In 2010, in response to one of the lawsuits, NMFS convened a take reduction team charged with devising approaches that would reduce the interactions, or “takes,” of false killer whales by the longline fleet. The team, made up of representatives of academic institutions, government agencies, conservation organizations, and industry, came up with a proposed rule that NMFS put out for public comment in July 2011.
By law, the agency was to have issued a final rule before the year ran out. When that had not happened by last June, Earthjustice once more went to court on behalf of plaintiffs Turtle Island Restoration Network and Center for Biological Diversity.
In mid-October, a settlement agreement was worked out, which called for NMFS to publish by November 30 the final rule for a take reduction plan to reduce the incidental injury to false killer whales by commercial fishing vessels.
One day before the deadline, the final rule appeared in the Federal Register.
Weaker Hooks, Stronger Lines
A key element of the plan involves a change in the gear used by longline vessels. By February 27, all boats are to use only circle hooks with a maximum wire diameter of 4.5 mm (.18 inches). The leaders and branch lines to which the hooks are attached are to be at least 2 mm in diameter. Any other material used in construction of a leader or branch line has to have a minimum breaking strength of 400 pounds.
The idea behind the changes is that they will allow animals a better chance of escape with minimal injury in the event they become hooked. The weaker circle hooks should, in theory, allow the animals to pull themselves off the hooks more easily. The stronger leader and branch lines will remain attached to the main line in the event the false killer whales tug against them, thus avoiding a situation where animals swim away trailing lines that could eventually lead to their injury.
Originally, the take reduction team considered requiring even thinner hooks (4.0 mm or 4.2 mm). To allay concerns of fishers that this would reduce their catch of large fish, trials were conducted in October-December 2010, which found no impact at all on the catch. But when NMFS learned that the standard hook in the fleet was even larger than 4.5 mm, it relaxed the proposed standard to just 4.5 mm.
“The team’s consensus recommendation was that while ‘standard’ circle hooks … alone will likely help reduce M&SI [mortality and serious injury] compared to tuna and J hooks, weaker than standard circle hooks … would provide even greater conservation benefits …. [W]hile we agree with the team’s findings, NMFS will require a fleet-wide shift to 4.5 mm wire diameter for circle hooks, so as to achieve a comparable reduction in hook wire diameter based on the corrected information.”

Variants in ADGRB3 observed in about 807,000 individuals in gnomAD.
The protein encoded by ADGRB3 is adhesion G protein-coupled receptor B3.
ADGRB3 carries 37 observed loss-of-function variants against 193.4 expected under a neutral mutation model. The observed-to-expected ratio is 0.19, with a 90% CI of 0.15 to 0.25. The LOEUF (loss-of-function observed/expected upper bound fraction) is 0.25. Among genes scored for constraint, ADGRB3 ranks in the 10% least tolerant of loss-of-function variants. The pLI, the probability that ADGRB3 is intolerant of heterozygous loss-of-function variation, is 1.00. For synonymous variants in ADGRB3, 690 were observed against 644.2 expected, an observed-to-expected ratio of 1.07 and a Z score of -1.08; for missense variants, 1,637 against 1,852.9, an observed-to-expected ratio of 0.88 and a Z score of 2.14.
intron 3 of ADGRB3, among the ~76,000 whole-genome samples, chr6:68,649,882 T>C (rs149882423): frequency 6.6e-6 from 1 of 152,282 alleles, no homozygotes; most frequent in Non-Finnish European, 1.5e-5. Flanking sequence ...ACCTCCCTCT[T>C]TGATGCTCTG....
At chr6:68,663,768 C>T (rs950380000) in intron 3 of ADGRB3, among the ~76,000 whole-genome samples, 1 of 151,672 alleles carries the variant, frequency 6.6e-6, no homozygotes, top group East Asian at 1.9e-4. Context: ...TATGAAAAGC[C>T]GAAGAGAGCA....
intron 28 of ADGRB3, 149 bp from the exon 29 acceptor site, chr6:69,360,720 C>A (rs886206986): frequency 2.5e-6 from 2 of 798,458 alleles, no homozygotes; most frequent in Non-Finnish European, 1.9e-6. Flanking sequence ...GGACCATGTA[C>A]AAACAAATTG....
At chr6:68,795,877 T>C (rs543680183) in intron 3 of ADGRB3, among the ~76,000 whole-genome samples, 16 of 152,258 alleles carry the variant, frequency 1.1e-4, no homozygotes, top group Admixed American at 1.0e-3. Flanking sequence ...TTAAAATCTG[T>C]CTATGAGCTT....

Expanded Exclusion Zones
The take reduction plan also calls for making changes to the areas where commercial longliners can fish. Until the new rule took effect, longline vessels had to fish outside of what was known as the Main Hawaiian Islands Longline Fishing Prohibited Area – essentially, a polygon described by straight lines running from a series of geographic coordinates, extending from 75 to 100 miles from shore. A kind of narrow belt circling around the northern part of this zone was seasonally opened (from February 1 to September 30 of each year).
The new rule revises the exclusion zone by doing away with the area where fishing was seasonally allowed. “This regulation,” NMFS says, “makes it clear that the entire Longline Fishing Prohibited Area around the MHI … is important for false killer whale conservation. It is anticipated that this closure will substantially reduce the risk that the deep- and shallow-set longline fisheries” – tuna and swordfish fisheries, respectively – “pose to the Hawai`i Insular stock of false killer whales… It is also expected to eliminate incidental M&SI of the Hawai`i Pelagic stock of false killer whales by longline fisheries in that area.”
A new “southern exclusion zone” – extending 200 miles, out to the boundaries of the U.S. Exclusive Economic Zone – is established as well. If the number of observed mortalities and serious injuries of false killer whales reaches a certain level, this area also will be closed to longline fishing vessels.
Exactly when that closure trigger is to be pulled is to be determined by a complicated formula set forth in the final rule. Basically, it is a function of the number of observed incidents that are thought to result in a false killer whale being killed or sustaining serious injury, the area where the injury occurred, and the current estimate of the so-called “potential biological removal” (PBR) that the false killer whale population can withstand.